How to Avoid Distractions When Working From Home
Working from home has its benefits, but for some people, it can blur the line between work and play. Today, 53% of remote workers claim working from home has made it more difficult to separate their personal and work life. And when there’s ambiguity around the divide between work and non-work life, this creates room for distractions.
Working from home can sometimes be challenging for many people. Perhaps you are among them. When your spouse isn’t interrupting you, your kids are sprawled across the room, making noise as they go about their studies and projects. Your pet, on the other hand, is demanding your attention, and your boisterous neighbors make it hard to have hours of deep concentration.
And we’ve not even mentioned the texts, news alerts, Facebook updates, and an endless array of notifications emanating from your devices.
If distractions are causing your concentration to dwindle, resulting in productivity loss, we have some suggestions. Read on to learn how to sidestep distractions when working from home.
5 Ways to Avoid Distractions When Working From Home
1. Create a Dedicated Workspace
While 63% of remote workers now work from a designated home office, 21% are still working in other locations around the home. If you belong to the second cohort, it could be harder to block out productivity-sapping distractions.
If you have space in your home, preferably a room with a door, to make into your office, this will help you to keep focused. But even if you don’t have the option of an entire room, you can still create a dedicated workspace. When placing your desk and setting up your work area, ensure that it is away from television and other devices. This helps you avoid watching TV, which is the main cause of distraction at home for 16.6% of remote employees. In addition, you’ll not be tempted to play video games during work time.
2. Turn Off Onscreen and Push Notifications
Every day, from the moment you wake up, you’re bombarded with notifications: email, text messages, social media alerts, game notifications, and more. It’s okay to respond to some of the messages before you begin your work. However, once you enter your home office, you should turn off push notifications on your phone.
If you use apps like Slack or monday.com, make sure to turn off the onscreen notifications on your monitor. Remember: it takes a single Twitter notification to suck up your attention, and before you know it, you’re down the social media rabbit hole for hours.
Phones that are constantly buzzing with updates can create immense distractions. If you don’t need your phone during work time, keep it far away. This will help you avoid distractions that come in all shapes from notifications. You can respond to important messages or answer calls during a lunch break.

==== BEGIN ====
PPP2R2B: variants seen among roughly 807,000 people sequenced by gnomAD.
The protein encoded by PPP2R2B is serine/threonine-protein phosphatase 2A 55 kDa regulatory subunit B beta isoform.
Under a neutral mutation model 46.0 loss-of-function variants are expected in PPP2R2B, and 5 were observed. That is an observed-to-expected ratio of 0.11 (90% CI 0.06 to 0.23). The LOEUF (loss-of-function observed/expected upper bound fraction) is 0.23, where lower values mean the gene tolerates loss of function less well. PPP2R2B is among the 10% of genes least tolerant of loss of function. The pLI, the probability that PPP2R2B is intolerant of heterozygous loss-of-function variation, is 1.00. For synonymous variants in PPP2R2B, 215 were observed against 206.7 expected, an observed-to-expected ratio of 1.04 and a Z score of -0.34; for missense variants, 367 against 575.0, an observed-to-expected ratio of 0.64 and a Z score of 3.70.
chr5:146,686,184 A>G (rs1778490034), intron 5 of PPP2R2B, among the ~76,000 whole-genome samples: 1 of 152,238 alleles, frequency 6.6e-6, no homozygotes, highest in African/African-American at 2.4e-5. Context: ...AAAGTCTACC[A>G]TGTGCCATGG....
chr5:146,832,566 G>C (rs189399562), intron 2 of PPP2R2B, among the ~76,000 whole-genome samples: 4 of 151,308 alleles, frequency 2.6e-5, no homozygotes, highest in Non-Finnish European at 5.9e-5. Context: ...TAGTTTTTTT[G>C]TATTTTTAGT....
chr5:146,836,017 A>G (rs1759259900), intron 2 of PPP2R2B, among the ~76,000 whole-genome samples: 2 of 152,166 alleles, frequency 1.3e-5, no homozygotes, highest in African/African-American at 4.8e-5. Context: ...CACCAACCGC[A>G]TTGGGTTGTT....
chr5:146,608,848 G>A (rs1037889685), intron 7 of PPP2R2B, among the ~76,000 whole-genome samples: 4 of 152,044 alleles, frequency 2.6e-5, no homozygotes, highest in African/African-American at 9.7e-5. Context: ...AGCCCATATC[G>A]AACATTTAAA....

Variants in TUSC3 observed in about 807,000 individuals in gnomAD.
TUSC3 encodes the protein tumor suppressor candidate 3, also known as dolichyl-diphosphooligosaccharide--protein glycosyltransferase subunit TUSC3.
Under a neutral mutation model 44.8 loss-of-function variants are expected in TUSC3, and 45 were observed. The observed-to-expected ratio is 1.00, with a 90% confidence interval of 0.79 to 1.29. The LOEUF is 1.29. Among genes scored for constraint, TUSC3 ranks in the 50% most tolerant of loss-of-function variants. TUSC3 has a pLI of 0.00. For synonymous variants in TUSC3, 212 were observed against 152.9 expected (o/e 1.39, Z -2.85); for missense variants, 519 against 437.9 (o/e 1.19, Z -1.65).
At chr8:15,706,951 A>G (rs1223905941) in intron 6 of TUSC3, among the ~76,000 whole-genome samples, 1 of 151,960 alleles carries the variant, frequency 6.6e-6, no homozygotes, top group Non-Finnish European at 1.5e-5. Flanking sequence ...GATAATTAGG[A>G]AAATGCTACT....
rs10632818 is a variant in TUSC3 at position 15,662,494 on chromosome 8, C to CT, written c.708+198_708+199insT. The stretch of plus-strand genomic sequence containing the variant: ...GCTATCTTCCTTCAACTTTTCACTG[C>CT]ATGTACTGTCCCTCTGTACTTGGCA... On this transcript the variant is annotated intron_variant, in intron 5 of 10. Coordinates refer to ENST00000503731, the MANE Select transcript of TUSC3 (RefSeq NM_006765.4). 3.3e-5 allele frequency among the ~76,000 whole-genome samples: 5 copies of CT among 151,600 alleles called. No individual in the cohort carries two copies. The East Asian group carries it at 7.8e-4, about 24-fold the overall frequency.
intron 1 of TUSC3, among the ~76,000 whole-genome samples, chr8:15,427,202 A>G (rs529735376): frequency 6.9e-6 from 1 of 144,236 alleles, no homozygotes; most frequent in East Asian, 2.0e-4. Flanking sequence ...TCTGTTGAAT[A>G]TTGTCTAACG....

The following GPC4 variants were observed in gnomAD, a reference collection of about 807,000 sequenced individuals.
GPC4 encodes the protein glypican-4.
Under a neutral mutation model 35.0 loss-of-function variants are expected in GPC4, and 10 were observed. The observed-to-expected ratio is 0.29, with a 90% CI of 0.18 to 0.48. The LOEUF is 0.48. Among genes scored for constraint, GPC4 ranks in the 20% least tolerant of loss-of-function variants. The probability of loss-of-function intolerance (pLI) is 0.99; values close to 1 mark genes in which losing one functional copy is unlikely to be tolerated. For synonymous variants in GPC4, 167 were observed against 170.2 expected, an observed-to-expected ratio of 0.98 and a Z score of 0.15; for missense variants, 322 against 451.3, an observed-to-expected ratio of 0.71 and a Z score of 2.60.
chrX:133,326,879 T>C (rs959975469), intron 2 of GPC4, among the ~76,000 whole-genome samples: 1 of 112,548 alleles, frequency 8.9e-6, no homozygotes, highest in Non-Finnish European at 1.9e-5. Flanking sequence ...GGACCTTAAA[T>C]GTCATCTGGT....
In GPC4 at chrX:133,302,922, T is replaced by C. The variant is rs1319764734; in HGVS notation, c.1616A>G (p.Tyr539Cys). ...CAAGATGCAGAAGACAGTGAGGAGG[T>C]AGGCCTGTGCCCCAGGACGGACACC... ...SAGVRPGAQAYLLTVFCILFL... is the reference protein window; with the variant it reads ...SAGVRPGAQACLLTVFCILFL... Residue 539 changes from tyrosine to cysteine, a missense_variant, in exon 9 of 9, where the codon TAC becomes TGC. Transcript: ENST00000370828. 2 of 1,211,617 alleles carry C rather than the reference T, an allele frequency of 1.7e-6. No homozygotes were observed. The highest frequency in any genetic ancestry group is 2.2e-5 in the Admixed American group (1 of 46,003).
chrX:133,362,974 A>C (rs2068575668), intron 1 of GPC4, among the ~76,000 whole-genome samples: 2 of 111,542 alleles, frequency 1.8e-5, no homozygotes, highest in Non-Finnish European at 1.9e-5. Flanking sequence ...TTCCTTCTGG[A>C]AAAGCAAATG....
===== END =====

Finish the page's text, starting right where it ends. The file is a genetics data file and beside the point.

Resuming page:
3. Create and Adhere to a Strict Schedule
The main reason why 27% of remote employees grapple with the inability to separate personal and work time is the lack of a solid schedule. And those that have a schedule choose not to adhere to it. Don’t fall into this trap — if you want to achieve work-life balance and minimize distractions, you have to create a schedule.
The schedule should stipulate when you start work and when you log off. Break down your work time into periods of hyper-focus, where you’ll do real work. Besides enhancing motivation and time management, the schedule will help you stay focused on the tasks at hand.
In addition, separate these periods of hyper-focus with short breaks. Working all day long without taking a break can be highly counterproductive. Set some times to take 20 breaks from work. You could take that time to have a screen time break: take your dog for a walk or bike to your local store to run errands. Or, if you need to respond to personal messages, you can do so.
4. Use The Right Tools and Resources
Arming yourself with the right tools and resources is another great way to avoid distractions. Picture this: you have done everything right, from setting a designated home office to creating a solid schedule. However, the cacophony caused by bulldozers and jackhammers from a nearby construction site can’t let you concentrate.
This noise emanating from the construction site is way beyond your control, but you still need to find a way to concentrate. In this case, you’ll have to invest in noise-canceling headphones to block out the noise and put you in the right state of mind to focus on your work.
Moreover, invest in fast internet service — if the internet is slow, it leaves loopholes for distraction to creep in. For example, if a file that’s critical for the current task is taking forever to download, you’ll be tempted to check what’s happening on social media or respond to a message.
5. Know When to Log Off
This is very important. A recent study has shown that 59% of remote employees continue to work past normal working hours when working from home. While extending your work time by 20 or 30 minutes may not sound as much, it can be detrimental to your physical and mental well-being.
When you’re done for the day, shut the door and don’t return to the home office until the next day. If you work from another place in the house, put your laptop and other work-related devices away. Go spend time with family or roommates, or do other non-work related activities such as cooking or laundry. Come to work the next morning when you’re refreshed and ready to go again.
By following these tricks, you’ll keep distractions at bay to bring the best out of yourself when you’re working from home.